What evidence can you point to that shows the Tradeshift network delivers genuine value to suppliers?
Already today, we have financed billions of dollars in early payments for suppliers. We’ve been able to attract those funders exactly because of the underlying economic model of our network and the way we let businesses opt into those services according to their needs.
You could also look at it from a pure numbers perspective. In any given month, we have over 100,000 suppliers transacting through our network. Could we do that on an even grander scale? Certainly. It’s not going to happen overnight, but the important thing is we have an established centre and a very strong foundation from which to continue scaling.
What does the future look like for the Tradeshift network and what’s exciting you right now?
Sustainability has become a significant priority for businesses across the world. The Tradeshift network can have a major role to play in driving that forward by providing accurate data on the true make-up of supply chains. We’ve been collaborating with a company called Normative, through which we demonstrated that the information shared across our network can be used to calculate your carbon footprint throughout the entire supply chain ecosystem.
This connectivity and transparency are also opening up opportunities to incentivize smaller suppliers to make a change to more sustainable business practices. We think there’s significant potential here in areas such as green financing and sustainability-focused marketplaces.
When you’re talking to third parties about the Tradeshift network, what potential are they seeing?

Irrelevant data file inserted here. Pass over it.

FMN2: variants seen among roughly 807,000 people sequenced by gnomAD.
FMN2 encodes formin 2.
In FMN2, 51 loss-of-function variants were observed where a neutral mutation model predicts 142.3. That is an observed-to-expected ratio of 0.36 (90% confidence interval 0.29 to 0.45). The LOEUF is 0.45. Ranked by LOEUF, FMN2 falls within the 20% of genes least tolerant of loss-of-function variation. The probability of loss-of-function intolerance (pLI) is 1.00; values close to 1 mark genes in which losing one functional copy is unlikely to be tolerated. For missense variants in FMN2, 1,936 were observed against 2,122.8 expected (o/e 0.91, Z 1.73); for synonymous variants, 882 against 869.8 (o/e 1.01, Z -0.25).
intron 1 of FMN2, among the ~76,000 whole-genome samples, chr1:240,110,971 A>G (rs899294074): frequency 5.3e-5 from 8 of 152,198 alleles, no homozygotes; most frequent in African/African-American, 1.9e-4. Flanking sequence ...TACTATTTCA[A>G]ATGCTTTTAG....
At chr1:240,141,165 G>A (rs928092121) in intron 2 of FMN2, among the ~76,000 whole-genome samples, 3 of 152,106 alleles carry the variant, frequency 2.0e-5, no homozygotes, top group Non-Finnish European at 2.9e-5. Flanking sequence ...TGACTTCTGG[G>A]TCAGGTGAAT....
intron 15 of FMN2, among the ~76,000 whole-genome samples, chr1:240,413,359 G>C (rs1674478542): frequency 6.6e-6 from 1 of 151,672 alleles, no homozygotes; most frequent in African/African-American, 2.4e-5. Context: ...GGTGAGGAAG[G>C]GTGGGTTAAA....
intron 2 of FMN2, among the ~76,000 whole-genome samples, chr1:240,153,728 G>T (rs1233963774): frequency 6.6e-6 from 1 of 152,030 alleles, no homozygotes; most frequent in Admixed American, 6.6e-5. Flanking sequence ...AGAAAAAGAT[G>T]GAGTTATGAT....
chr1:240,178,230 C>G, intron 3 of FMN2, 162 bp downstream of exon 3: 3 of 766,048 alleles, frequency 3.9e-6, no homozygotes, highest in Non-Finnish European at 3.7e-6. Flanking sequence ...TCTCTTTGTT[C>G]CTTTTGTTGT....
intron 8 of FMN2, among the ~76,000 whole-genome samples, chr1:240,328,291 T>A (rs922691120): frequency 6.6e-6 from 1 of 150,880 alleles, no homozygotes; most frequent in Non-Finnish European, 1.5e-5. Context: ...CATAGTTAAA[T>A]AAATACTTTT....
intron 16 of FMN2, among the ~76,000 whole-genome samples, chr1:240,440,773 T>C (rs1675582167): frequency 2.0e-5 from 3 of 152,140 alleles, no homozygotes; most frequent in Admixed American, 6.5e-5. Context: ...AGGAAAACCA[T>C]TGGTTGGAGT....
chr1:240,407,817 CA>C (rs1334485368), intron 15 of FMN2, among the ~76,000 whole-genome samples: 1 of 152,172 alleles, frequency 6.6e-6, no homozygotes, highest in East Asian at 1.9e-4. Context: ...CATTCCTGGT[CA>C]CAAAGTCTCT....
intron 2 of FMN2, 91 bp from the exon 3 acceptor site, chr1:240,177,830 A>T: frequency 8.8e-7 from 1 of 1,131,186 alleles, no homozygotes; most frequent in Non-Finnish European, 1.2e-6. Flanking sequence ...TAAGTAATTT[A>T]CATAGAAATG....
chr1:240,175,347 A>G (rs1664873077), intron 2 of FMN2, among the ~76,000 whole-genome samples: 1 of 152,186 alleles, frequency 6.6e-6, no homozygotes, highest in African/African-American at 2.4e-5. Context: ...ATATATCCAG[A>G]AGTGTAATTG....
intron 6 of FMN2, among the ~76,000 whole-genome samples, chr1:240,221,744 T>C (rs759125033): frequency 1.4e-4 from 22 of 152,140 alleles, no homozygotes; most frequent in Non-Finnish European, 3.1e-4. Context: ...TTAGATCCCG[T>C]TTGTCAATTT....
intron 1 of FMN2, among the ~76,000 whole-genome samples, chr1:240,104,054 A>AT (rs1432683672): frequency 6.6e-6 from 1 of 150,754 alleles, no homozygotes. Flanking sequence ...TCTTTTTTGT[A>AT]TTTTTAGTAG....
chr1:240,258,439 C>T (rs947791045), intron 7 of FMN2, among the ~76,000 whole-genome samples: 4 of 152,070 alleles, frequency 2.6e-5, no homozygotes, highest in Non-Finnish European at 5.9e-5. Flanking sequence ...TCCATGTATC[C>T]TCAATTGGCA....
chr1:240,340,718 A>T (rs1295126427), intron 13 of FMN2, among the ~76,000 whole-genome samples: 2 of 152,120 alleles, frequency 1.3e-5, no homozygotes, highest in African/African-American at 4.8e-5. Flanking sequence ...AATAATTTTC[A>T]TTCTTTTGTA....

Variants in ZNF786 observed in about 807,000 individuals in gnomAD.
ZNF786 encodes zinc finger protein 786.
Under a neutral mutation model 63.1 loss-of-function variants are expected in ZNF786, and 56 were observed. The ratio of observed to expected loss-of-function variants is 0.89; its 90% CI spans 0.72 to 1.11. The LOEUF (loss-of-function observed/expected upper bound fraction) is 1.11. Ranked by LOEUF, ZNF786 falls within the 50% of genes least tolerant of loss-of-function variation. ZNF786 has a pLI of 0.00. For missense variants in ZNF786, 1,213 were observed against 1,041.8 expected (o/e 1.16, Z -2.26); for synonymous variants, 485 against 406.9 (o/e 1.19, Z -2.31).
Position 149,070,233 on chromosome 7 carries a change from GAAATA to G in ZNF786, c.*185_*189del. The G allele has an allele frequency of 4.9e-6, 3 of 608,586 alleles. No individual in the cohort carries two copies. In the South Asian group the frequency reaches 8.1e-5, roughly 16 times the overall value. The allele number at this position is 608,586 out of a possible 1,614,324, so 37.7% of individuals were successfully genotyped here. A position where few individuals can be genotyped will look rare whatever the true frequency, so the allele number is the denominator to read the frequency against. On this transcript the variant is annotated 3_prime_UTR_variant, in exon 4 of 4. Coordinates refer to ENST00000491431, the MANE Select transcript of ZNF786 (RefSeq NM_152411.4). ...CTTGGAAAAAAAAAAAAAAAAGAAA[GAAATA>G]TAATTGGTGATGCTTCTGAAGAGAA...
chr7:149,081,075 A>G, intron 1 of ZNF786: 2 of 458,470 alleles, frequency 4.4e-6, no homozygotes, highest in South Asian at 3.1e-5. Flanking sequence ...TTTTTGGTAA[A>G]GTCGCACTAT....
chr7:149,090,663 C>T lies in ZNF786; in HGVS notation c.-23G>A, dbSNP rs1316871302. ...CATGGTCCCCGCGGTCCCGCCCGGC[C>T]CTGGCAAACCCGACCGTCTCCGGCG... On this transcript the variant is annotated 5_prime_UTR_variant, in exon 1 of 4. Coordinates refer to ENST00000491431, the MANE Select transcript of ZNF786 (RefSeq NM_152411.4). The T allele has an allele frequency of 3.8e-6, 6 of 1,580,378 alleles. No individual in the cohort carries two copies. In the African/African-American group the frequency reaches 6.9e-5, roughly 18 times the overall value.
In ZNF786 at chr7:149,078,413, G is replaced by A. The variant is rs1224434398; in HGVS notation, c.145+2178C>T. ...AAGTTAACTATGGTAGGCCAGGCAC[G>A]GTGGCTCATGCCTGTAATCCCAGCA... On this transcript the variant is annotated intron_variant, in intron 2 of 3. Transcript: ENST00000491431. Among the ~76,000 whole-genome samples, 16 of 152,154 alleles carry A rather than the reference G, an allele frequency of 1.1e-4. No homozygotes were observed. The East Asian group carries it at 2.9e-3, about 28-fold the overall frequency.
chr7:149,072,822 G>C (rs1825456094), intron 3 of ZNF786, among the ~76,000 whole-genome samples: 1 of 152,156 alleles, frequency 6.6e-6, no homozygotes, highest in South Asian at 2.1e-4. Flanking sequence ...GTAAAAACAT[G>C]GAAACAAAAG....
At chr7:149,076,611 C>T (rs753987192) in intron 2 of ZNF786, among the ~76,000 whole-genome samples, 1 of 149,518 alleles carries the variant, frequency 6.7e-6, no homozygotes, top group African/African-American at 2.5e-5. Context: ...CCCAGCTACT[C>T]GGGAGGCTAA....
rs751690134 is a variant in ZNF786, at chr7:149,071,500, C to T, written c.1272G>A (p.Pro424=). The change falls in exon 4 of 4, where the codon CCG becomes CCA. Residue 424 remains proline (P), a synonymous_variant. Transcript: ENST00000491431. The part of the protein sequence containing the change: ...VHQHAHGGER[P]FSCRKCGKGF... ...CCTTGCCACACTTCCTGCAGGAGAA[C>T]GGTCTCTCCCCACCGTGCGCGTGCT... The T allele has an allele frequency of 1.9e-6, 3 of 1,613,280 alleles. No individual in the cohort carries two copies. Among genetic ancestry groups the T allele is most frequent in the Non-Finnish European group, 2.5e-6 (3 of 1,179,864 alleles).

Every bank in the world is recognizing the need to have a fintech strategy, and many would admit they are struggling with the digitization side of things. There’s huge interest in how these organizations can partner with the likes of Tradeshift to offer their services through networks where trade is actually happening. We’ve already seen this kind of change taking place in the consumer space, but it’s only starting to emerge now on the business-to-business side.
We transact more than $350 billion every year on the Tradeshift network. This generates an enormous amount of data financial institutions can tap into about the history of these trading relationships. It’s a fertile environment for financiers, enabling them to bring attractive financial services to businesses that would not have had access before. It’s also a trusted environment for buyers and suppliers to connect with new trading partners and grow their business.
What does a world look like where networks like Tradeshift aren’t underpinning B2B trade?
I’m a firm believer in the power of the underlying economic model of networks and the global marketplace this creates. There’s a flywheel effect that the model enables, and this is really the upside of digitization. If you can bring companies together in this kind of network-based community, then it’s also a very attractive place for other service providers who can bring their own value to the overall proposition. You simply can’t replicate this in an environment where things are not digital, or where the ecosystem is dominated by a single buyer or a single supplier.
In the absence of these economic models and incentives for participation, digitization will run at a snail’s pace. If companies don’t see the upside to digitization then they will continue to resist it. We’ve seen this for the past 30-40 years already.
Find out how you can become part of the world’s most dynamic community of digitally connected buyers and suppliers. Request a demo with Tradeshift today.